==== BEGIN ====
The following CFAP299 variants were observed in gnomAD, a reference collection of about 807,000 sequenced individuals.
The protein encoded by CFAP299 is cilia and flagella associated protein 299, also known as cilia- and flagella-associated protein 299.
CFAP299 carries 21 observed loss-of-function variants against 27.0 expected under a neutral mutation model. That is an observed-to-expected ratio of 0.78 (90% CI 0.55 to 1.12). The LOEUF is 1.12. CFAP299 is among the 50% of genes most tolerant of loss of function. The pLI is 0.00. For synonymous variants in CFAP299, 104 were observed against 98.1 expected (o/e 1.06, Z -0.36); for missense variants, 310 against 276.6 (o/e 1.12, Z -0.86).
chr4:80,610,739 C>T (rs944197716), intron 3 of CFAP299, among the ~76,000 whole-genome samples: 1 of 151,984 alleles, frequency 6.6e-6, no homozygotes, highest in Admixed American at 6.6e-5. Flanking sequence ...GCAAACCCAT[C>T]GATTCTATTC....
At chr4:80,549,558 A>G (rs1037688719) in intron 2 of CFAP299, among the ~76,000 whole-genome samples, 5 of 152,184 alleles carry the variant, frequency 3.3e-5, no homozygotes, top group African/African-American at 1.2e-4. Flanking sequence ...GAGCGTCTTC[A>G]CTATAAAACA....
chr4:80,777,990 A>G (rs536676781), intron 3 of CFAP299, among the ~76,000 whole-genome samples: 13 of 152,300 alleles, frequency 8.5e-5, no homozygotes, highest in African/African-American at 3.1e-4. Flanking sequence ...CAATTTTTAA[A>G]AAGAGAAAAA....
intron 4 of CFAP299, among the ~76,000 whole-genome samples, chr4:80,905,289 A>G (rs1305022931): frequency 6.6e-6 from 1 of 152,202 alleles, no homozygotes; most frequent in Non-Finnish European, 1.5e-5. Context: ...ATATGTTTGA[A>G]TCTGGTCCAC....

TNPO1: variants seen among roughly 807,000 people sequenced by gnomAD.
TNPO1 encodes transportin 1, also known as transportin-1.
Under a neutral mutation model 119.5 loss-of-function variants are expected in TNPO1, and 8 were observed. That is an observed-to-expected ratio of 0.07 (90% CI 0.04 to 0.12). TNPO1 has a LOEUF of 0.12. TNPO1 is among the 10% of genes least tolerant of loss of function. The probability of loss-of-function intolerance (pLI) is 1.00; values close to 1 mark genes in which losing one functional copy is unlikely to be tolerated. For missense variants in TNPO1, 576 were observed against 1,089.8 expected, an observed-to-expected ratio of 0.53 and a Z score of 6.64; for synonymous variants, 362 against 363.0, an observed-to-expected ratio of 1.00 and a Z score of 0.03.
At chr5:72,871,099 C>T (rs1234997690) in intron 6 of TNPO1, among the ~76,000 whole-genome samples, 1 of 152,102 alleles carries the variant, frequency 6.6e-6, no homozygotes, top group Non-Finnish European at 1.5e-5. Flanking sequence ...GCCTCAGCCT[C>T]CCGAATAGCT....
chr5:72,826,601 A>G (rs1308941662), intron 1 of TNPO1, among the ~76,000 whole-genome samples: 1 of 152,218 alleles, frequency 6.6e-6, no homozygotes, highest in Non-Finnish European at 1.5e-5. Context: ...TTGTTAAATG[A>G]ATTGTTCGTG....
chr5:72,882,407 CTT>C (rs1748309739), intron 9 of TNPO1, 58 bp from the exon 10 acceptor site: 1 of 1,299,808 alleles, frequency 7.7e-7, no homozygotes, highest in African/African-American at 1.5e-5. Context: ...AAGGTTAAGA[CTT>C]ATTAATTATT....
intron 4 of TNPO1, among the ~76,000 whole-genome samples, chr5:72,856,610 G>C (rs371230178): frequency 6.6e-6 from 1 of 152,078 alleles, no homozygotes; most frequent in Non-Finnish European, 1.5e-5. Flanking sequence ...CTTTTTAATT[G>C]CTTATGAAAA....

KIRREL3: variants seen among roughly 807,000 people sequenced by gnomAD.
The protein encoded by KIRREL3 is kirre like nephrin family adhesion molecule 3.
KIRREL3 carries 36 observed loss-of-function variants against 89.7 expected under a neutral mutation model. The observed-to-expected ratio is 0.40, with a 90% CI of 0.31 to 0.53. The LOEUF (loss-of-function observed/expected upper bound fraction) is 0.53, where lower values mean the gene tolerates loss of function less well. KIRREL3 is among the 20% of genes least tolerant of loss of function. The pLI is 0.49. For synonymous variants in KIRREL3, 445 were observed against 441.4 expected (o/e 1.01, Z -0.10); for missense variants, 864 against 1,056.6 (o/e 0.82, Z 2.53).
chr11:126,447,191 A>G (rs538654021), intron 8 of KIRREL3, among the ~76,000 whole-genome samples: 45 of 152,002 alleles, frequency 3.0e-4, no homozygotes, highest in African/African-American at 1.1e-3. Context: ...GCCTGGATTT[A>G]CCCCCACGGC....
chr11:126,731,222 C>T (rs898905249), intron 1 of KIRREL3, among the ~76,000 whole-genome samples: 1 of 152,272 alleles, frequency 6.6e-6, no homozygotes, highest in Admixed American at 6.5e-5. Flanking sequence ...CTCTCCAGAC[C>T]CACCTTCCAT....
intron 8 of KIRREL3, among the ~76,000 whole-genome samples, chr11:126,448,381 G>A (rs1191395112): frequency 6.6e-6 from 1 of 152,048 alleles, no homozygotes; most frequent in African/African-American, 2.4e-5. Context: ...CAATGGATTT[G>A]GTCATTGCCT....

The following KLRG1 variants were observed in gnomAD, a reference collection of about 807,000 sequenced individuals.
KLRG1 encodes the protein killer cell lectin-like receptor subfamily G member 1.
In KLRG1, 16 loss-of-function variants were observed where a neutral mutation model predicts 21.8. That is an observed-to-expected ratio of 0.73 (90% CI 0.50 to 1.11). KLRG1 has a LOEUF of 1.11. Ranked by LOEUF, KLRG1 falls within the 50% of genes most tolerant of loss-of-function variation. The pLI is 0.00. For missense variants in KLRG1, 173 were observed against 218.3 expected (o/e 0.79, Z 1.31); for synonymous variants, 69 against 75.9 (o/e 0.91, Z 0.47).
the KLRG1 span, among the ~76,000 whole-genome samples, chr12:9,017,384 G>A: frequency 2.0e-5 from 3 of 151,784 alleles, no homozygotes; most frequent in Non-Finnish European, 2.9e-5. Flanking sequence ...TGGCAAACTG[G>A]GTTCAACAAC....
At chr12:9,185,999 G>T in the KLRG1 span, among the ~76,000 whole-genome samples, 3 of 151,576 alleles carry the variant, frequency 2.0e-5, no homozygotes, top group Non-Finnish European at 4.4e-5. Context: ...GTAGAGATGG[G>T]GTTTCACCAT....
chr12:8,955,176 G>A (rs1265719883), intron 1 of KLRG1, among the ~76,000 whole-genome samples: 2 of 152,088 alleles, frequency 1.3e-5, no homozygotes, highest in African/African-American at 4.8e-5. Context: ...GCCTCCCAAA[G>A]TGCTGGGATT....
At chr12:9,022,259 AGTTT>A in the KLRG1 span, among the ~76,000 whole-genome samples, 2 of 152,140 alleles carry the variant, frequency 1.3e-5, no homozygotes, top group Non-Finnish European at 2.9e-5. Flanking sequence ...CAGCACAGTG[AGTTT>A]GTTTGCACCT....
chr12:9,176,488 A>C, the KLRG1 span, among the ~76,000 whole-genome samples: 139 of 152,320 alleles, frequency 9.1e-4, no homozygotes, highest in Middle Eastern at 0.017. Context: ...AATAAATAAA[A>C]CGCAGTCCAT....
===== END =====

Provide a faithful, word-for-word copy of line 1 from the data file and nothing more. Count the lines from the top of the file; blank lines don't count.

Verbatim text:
The following CFAP299 variants were observed in gnomAD, a reference collection of about 807,000 sequenced individuals.